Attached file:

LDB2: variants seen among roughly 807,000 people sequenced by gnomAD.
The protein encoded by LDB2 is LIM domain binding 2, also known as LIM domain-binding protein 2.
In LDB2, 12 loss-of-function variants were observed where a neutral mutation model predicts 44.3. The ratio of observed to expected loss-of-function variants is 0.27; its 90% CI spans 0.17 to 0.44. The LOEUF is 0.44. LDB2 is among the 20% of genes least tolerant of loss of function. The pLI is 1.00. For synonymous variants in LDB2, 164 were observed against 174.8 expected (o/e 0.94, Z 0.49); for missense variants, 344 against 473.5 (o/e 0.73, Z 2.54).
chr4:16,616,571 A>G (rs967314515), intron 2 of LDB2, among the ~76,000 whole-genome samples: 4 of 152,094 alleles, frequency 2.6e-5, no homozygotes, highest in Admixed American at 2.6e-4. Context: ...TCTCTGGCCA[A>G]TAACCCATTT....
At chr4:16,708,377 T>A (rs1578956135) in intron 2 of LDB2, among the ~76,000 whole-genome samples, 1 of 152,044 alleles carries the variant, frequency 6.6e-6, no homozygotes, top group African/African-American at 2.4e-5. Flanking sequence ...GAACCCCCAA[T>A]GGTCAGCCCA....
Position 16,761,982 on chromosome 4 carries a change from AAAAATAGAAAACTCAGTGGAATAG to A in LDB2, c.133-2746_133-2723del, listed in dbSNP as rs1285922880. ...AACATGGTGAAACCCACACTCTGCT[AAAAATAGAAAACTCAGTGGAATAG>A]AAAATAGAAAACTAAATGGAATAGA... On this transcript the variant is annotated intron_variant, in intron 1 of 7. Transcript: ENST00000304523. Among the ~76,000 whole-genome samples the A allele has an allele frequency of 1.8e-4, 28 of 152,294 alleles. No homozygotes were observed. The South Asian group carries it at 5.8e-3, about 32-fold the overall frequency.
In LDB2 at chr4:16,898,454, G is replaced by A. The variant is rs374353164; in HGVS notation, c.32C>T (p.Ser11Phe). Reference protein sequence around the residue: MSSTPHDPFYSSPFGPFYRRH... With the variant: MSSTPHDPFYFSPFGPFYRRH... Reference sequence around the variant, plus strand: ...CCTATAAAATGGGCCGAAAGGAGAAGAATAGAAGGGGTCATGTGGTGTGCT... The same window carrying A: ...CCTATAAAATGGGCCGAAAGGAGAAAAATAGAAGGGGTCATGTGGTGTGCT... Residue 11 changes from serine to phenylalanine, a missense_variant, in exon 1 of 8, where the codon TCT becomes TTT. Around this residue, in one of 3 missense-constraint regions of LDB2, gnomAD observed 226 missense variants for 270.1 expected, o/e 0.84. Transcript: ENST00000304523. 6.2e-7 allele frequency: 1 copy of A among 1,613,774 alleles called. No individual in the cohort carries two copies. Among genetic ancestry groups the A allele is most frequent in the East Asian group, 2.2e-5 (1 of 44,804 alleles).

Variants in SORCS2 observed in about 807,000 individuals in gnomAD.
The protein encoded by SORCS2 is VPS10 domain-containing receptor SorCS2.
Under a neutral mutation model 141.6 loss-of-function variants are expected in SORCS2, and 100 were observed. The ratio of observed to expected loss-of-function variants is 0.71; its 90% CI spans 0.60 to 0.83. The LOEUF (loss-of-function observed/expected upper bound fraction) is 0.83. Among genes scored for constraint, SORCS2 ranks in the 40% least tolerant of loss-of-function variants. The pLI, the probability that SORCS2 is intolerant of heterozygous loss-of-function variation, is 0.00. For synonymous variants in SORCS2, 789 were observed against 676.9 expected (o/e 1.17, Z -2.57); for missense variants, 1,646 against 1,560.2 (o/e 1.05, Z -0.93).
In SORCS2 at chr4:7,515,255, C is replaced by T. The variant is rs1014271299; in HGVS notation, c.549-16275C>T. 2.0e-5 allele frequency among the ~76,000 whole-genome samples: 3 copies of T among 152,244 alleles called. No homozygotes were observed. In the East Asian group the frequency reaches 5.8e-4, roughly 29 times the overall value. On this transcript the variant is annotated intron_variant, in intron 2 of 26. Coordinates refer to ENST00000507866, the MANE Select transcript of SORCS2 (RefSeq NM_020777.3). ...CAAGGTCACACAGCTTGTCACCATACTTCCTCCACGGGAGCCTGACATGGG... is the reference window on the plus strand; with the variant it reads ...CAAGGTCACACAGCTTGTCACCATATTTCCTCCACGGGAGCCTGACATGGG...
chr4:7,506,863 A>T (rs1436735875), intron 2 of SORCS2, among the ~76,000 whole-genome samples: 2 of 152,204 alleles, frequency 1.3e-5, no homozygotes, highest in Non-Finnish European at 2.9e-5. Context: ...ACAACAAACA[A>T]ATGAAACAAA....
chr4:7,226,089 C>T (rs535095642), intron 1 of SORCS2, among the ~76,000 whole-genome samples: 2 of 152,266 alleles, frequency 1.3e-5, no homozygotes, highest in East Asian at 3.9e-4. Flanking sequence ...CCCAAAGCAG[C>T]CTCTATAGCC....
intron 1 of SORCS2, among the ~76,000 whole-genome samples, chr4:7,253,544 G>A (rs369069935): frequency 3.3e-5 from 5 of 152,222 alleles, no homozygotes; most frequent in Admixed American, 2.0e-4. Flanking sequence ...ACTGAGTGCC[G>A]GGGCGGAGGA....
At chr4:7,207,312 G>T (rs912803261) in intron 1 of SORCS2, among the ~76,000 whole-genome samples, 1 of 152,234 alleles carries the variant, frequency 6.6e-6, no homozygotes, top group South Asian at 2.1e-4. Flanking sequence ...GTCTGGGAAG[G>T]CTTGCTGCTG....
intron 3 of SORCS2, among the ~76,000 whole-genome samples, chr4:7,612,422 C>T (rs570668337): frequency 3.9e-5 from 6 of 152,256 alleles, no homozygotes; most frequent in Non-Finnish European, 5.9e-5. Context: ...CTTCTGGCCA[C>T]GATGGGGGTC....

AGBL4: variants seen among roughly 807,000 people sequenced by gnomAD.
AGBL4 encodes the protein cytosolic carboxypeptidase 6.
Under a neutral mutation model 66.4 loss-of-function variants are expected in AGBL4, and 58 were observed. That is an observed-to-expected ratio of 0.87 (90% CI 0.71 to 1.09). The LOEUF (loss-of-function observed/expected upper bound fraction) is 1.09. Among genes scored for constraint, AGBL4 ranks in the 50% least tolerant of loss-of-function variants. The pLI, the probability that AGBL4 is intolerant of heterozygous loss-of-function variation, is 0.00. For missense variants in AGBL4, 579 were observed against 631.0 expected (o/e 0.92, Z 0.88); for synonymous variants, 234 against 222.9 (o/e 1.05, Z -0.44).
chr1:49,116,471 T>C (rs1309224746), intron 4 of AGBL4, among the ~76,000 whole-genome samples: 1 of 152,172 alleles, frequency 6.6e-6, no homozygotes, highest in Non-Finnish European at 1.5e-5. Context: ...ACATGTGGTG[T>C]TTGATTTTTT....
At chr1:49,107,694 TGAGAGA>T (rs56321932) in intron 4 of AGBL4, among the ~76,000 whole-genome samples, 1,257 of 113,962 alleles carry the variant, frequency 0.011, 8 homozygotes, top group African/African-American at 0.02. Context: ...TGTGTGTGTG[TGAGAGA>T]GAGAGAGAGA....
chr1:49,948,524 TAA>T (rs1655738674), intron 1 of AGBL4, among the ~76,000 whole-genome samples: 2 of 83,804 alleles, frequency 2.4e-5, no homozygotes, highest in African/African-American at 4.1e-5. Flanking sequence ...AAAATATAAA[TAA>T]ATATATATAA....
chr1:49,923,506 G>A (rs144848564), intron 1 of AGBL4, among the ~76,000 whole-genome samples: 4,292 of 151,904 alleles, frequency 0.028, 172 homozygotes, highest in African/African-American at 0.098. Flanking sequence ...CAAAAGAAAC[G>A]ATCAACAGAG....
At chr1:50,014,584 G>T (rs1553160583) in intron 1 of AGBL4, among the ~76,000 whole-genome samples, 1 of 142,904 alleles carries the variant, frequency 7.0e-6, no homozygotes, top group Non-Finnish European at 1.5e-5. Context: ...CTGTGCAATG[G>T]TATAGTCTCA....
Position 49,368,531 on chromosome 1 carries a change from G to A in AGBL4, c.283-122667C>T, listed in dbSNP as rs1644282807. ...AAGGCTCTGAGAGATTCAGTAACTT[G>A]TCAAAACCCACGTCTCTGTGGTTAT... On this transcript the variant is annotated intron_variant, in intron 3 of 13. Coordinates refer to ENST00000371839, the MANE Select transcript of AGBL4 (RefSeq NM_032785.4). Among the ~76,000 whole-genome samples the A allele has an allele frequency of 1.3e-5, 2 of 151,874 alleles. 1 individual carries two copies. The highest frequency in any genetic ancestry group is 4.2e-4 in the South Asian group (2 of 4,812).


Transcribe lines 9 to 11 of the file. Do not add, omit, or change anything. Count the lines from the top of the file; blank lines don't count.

The protein encoded by SORCS2 is VPS10 domain-containing receptor SorCS2.
Under a neutral mutation model 141.6 loss-of-function variants are expected in SORCS2, and 100 were observed. The ratio of observed to expected loss-of-function variants is 0.71; its 90% CI spans 0.60 to 0.83. The LOEUF (loss-of-function observed/expected upper bound fraction) is 0.83. Among genes scored for constraint, SORCS2 ranks in the 40% least tolerant of loss-of-function variants. The pLI, the probability that SORCS2 is intolerant of heterozygous loss-of-function variation, is 0.00. For synonymous variants in SORCS2, 789 were observed against 676.9 expected (o/e 1.17, Z -2.57); for missense variants, 1,646 against 1,560.2 (o/e 1.05, Z -0.93).
In SORCS2 at chr4:7,515,255, C is replaced by T. The variant is rs1014271299; in HGVS notation, c.549-16275C>T. 2.0e-5 allele frequency among the ~76,000 whole-genome samples: 3 copies of T among 152,244 alleles called. No homozygotes were observed. In the East Asian group the frequency reaches 5.8e-4, roughly 29 times the overall value. On this transcript the variant is annotated intron_variant, in intron 2 of 26. Coordinates refer to ENST00000507866, the MANE Select transcript of SORCS2 (RefSeq NM_020777.3). ...CAAGGTCACACAGCTTGTCACCATACTTCCTCCACGGGAGCCTGACATGGG... is the reference window on the plus strand; with the variant it reads ...CAAGGTCACACAGCTTGTCACCATATTTCCTCCACGGGAGCCTGACATGGG...